New Path to Better X-ray Breast Cancer Imaging

European researchers come up with a new way of making X-rays for phase-contrast imaging

2 min read
New Path to Better X-ray Breast Cancer Imaging
Image: Z. Wang/ETH Zurich/PSI

Researchers in Switzerland have improved the ability of x-rays to help early diagnosis of breast cancer. The new x-ray technique, called “phase contrast imaging” (PCI), has been in development as a medical imaging technology since the 1990s, and it's a more sensitive kind of camera that can examine soft tissue inside the body without requiring a person to swallow kidney-compromising “contrast agents” like iodine or barium.

As IEEE Spectrum reported earlier this year, PCI compares the propagation speed of X-ray wavefronts as they pass through a subject, using algorithms that infer the composition of the X-rayed material from the signal delays the device detects along each beam. So while old-fashioned X-rays could only take photo negative pictures of hard and dense objects that stopped x-rays cold — like bones — PCI instead examines X-rays that pass through its subject. That gives it the soft tissue sensitivity and imaging precision of CT scans but at a fraction of CT scans’ high X-ray doses.

The catch to date has been that the best PCI methods require X-ray sources that produce a wavefront that is well synchronized. And this has traditionally meant only the kind of (synchrotron) x-rays that giant particle accelerators can produce, which of course limits the number of patients that can use PCI and makes it really expensive and inaccessible to boot.

Yet new, cheaper and more compact X-ray sources are being developed now that could enable synchrotron-like X-ray PCI without the need for any big, rare, and expensive particle accelerators.

Spectrum previously reported on an X-ray chip developed at MIT and Massachusetts General Hospital. The new effort, led by researchers at  ETH Zurich, the Paul Scherrer Institute, and the Kantonsspital Baden, instead relies on a more traditional X-ray tube but one whose rays pass through a series of fine metal grates, providing coherence enough for PCI. (A 2010 review of the various experimental techniques in x-ray PCI mammography described this “grating interferometry” method as “promising” though still time consuming and technically challenging.)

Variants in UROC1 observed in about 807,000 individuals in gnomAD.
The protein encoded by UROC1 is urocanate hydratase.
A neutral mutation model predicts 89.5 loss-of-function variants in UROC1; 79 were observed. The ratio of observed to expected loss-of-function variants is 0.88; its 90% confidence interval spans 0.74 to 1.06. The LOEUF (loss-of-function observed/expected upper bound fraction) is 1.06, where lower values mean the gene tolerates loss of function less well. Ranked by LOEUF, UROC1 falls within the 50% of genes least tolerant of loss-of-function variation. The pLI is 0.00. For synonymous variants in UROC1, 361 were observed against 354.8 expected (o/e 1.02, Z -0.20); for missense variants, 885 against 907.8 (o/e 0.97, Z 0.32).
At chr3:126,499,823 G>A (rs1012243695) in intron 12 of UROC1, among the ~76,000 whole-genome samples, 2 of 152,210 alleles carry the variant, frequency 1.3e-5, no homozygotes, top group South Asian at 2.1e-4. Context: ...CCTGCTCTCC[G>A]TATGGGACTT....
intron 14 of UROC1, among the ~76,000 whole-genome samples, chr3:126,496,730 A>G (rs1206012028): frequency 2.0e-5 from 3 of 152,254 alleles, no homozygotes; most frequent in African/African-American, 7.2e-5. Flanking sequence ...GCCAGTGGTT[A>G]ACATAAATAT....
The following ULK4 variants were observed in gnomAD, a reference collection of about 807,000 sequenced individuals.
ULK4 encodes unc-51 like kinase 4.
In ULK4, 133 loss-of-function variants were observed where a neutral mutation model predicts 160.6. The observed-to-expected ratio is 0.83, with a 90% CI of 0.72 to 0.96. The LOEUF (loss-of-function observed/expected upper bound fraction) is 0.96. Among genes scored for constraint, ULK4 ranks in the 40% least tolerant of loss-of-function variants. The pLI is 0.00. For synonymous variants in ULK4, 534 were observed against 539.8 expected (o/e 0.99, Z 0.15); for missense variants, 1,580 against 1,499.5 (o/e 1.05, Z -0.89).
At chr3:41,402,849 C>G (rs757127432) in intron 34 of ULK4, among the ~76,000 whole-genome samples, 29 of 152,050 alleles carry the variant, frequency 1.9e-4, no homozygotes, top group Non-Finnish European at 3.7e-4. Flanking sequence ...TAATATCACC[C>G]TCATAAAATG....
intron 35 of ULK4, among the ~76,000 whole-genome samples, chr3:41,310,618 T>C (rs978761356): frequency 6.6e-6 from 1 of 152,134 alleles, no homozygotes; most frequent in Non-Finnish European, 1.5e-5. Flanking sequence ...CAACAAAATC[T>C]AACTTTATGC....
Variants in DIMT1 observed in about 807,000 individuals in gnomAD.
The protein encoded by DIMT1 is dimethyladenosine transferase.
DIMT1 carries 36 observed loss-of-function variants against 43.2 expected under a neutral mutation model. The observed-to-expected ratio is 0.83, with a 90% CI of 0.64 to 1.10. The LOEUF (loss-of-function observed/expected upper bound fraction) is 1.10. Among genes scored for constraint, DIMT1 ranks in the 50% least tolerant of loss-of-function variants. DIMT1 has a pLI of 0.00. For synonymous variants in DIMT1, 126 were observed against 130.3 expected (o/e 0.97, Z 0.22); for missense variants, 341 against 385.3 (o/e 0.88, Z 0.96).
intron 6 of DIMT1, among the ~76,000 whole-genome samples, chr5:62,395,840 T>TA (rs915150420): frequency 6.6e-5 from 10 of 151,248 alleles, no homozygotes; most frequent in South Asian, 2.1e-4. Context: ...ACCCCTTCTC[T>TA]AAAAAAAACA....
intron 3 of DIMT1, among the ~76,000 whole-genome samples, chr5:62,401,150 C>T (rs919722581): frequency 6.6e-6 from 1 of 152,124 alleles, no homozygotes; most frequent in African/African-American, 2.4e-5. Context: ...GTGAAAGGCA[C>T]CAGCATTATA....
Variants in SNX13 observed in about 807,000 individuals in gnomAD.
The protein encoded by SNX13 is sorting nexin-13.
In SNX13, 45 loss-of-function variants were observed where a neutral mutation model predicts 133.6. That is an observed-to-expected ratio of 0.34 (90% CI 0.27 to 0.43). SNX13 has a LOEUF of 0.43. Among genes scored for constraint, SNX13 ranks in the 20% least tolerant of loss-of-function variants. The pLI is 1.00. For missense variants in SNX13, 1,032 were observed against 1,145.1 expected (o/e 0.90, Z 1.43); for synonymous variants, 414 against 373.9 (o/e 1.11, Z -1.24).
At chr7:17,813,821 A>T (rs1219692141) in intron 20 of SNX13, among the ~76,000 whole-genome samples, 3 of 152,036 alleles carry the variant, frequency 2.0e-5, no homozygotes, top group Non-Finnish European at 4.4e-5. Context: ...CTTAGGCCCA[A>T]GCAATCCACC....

For a patient, PCI would enable earlier and more accurate cancer detection, though it remains unclear if the new development will offer the most effective X-ray source for real-world mammograms. (The researchers explain that they have, to date, only run their PCI method on tissue samples and not yet on human patients.),

The Conversation (0)

Are You Ready for Workplace Brain Scanning?

Extracting and using brain data will make workers happier and more productive, backers say

11 min read
A photo collage showing a man wearing a eeg headset while looking at a computer screen.
Nadia Radic

Get ready: Neurotechnology is coming to the workplace. Neural sensors are now reliable and affordable enough to support commercial pilot projects that extract productivity-enhancing data from workers’ brains. These projects aren’t confined to specialized workplaces; they’re also happening in offices, factories, farms, and airports. The companies and people behind these neurotech devices are certain that they will improve our lives. But there are serious questions about whether work should be organized around certain functions of the brain, rather than the person as a whole.

To be clear, the kind of neurotech that’s currently available is nowhere close to reading minds. Sensors detect electrical activity across different areas of the brain, and the patterns in that activity can be broadly correlated with different feelings or physiological responses, such as stress, focus, or a reaction to external stimuli. These data can be exploited to make workers more efficient—and, proponents of the technology say, to make them happier. Two of the most interesting innovators in this field are the Israel-based startup InnerEye, which aims to give workers superhuman abilities, and Emotiv, a Silicon Valley neurotech company that’s bringing a brain-tracking wearable to office workers, including those working remotely.

Keep Reading ↓Show less